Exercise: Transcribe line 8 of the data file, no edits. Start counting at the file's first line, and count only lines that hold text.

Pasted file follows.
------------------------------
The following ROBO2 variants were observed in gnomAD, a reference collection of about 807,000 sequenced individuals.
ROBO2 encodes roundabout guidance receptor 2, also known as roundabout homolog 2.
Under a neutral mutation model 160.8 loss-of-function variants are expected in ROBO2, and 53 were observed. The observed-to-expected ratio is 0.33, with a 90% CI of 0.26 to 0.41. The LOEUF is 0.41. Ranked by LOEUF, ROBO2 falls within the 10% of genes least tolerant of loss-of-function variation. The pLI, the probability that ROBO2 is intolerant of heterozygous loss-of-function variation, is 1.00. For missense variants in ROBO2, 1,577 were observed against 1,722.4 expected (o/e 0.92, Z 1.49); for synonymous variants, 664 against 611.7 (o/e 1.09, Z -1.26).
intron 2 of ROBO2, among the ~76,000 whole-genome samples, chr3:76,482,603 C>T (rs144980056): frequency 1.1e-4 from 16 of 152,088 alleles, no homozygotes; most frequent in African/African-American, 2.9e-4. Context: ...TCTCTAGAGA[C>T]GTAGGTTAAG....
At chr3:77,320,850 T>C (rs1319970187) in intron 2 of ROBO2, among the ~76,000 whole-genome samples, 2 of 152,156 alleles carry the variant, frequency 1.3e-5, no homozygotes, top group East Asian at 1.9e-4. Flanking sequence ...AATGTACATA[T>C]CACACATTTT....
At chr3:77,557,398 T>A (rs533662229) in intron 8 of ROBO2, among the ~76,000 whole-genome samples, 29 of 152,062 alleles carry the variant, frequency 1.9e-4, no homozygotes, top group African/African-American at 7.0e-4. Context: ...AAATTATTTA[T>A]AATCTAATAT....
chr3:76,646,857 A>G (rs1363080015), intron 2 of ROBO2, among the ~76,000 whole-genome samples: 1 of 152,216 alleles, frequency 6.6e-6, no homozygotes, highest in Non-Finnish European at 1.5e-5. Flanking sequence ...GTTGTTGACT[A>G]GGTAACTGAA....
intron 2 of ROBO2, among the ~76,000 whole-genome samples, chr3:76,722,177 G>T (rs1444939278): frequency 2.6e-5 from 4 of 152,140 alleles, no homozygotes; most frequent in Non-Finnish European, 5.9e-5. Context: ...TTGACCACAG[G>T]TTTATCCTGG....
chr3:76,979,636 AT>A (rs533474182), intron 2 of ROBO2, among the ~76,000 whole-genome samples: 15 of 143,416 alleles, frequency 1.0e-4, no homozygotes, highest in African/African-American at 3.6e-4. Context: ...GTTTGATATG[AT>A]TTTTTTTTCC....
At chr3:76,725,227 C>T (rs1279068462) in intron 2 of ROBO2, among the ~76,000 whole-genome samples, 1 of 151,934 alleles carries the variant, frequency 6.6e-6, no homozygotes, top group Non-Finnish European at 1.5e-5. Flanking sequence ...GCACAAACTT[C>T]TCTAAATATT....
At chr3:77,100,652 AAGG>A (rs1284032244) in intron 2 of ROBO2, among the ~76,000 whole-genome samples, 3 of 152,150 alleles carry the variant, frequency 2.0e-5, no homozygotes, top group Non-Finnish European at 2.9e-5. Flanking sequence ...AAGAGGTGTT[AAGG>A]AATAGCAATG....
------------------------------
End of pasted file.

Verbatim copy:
intron 2 of ROBO2, among the ~76,000 whole-genome samples, chr3:76,722,177 G>T (rs1444939278): frequency 2.6e-5 from 4 of 152,140 alleles, no homozygotes; most frequent in Non-Finnish European, 5.9e-5. Context: ...TTGACCACAG[G>T]TTTATCCTGG....